I'm not saying that Jeter needs to be booed, but can we acknowledge that he is a human being and fails like everyone else sometimes? Despite such a crucial out I didn't see it mentioned in World Series coverage.

The only time I heard Derek Jeter named was on the ESPN show SportsNation when they mentioned the possibility that a bridge may be named after him. The timing is just incredible.

How do I feel about Joe Girardi's move? You didn't ask but I'm gonna tell you.

I hated the idea of a three man rotation all the way through the playoffs. Absolutely hated it.

How can you have a $50 trillion payroll and not have a fourth starter? That being said, it was the decision that Joe Girardi made and he was right to stick with it so late in the playoffs.

Give me A.J. Burnett on three days rest over Chad Gaudin, who hadn't made a start in over a month any day.

Joe Girardi made his bed and he needed to lie in it and stick to his guns. A.J. Burnett struggled because he is a talented, inconsistent, wild, headcase of a pitcher. I believe the rest factor had little to do with it.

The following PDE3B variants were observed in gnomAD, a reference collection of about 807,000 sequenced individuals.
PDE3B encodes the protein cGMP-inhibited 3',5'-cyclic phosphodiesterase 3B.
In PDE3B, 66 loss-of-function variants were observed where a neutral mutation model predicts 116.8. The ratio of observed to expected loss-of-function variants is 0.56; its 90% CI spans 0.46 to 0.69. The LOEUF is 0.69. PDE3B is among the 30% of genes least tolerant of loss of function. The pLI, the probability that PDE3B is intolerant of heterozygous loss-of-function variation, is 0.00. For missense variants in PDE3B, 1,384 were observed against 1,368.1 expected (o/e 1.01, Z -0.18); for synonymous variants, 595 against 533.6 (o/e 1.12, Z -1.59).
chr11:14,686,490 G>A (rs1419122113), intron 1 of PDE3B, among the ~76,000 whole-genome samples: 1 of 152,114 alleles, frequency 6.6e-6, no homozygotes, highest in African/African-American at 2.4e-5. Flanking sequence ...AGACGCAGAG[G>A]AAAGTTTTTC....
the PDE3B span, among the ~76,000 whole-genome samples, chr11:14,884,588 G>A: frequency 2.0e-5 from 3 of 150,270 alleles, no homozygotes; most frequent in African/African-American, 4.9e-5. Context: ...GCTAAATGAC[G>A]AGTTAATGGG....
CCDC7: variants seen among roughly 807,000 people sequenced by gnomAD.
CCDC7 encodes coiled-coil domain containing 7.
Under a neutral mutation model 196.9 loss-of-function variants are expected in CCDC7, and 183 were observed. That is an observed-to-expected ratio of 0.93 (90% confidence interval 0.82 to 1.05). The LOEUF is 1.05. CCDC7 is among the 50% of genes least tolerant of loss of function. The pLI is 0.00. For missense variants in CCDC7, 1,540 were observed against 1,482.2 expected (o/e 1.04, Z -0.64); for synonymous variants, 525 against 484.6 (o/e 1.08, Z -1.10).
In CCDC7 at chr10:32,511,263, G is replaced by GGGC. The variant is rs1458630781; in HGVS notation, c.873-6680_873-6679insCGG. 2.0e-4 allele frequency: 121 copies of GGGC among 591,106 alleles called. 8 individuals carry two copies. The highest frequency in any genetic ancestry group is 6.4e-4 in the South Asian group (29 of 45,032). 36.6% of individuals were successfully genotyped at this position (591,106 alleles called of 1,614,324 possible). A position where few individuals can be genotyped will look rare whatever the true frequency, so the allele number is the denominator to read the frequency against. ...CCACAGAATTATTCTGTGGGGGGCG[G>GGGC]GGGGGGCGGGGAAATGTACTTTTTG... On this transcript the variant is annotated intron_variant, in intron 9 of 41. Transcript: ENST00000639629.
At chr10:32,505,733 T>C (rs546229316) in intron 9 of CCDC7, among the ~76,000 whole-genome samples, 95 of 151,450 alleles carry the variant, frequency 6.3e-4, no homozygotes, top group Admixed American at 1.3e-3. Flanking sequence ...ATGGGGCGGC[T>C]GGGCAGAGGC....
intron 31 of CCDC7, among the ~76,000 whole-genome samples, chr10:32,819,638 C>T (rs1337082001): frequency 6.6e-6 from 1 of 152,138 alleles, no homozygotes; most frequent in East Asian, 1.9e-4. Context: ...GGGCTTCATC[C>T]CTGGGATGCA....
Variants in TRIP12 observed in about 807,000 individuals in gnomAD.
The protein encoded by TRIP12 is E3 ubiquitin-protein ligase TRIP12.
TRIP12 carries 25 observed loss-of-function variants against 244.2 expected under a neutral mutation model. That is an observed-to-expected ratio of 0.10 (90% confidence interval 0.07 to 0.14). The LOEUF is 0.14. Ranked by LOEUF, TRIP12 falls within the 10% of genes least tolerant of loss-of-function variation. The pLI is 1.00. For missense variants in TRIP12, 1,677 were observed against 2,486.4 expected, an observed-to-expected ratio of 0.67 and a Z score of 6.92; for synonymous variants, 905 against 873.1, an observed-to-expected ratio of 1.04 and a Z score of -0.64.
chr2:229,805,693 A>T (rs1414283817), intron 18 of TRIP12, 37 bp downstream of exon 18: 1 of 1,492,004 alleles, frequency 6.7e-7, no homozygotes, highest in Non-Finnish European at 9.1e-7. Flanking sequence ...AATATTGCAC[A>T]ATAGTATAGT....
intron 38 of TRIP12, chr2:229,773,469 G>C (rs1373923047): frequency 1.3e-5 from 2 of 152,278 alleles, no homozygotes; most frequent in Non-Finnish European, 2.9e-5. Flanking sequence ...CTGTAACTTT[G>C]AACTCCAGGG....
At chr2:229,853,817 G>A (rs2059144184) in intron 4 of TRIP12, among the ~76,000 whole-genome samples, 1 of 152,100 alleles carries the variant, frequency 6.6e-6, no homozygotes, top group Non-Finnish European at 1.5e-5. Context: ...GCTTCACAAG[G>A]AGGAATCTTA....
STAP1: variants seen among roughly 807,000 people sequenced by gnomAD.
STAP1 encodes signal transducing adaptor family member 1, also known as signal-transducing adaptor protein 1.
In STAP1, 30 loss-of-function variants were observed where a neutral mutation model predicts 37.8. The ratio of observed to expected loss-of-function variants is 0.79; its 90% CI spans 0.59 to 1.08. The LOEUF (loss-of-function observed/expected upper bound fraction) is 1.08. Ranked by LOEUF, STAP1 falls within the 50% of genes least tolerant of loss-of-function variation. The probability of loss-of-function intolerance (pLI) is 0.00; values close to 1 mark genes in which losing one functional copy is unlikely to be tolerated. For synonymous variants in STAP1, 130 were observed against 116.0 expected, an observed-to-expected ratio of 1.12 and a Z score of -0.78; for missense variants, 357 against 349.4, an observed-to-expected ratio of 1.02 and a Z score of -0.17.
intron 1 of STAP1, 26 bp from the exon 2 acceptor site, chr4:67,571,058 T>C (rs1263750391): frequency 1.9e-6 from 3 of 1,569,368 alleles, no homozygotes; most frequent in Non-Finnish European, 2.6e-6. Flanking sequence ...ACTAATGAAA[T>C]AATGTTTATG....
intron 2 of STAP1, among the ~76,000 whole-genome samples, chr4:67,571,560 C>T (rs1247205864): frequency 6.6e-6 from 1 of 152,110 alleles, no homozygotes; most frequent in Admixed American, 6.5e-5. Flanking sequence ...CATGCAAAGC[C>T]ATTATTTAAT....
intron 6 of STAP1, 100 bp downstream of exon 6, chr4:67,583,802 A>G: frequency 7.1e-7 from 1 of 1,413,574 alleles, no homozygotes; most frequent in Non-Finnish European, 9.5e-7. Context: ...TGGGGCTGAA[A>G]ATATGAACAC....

A couple positives before I conclude.

Alex Rodriguez, keep at it. What an unbelievable postseason he has had, and after some doubt crept in people's minds after two hitless games to start the World Series he is back on track.

There isn't a single guy on the team I'd be more happy for to get a ring this year than him.

Didn't Mariano Rivera prove about three years ago that he can't handle six-out saves? Am I missing something here?

He pitched two-and-a-third scoreless in Game Two of the ALCS to keep the Yankees alive in the extra innings marathon. He got a six-out save to send the Yankees to the World Series. And then he got another six-out save to even the World Series at a game apiece.

Words cannot describe the guy well enough.

How confident am I about Andy Pettitte in Game Six? Not in the slightest for the 37-year-old lefty going on three days rest, especially considering his last start against the Phillies was probably his worst of the postseason.

I talked myself out of him closing it out within three hours of the completion of Game Five.

I haven't talked myself out of CC against Cole Hamel's damaged psyche or whoever the Phillies would throw out on the mound in Game 7. I will though. Don't worry about that, it's coming.

And then what? I don't know; my head just exploded.

You stay classy, San Diego. I'm Ron Burgundy?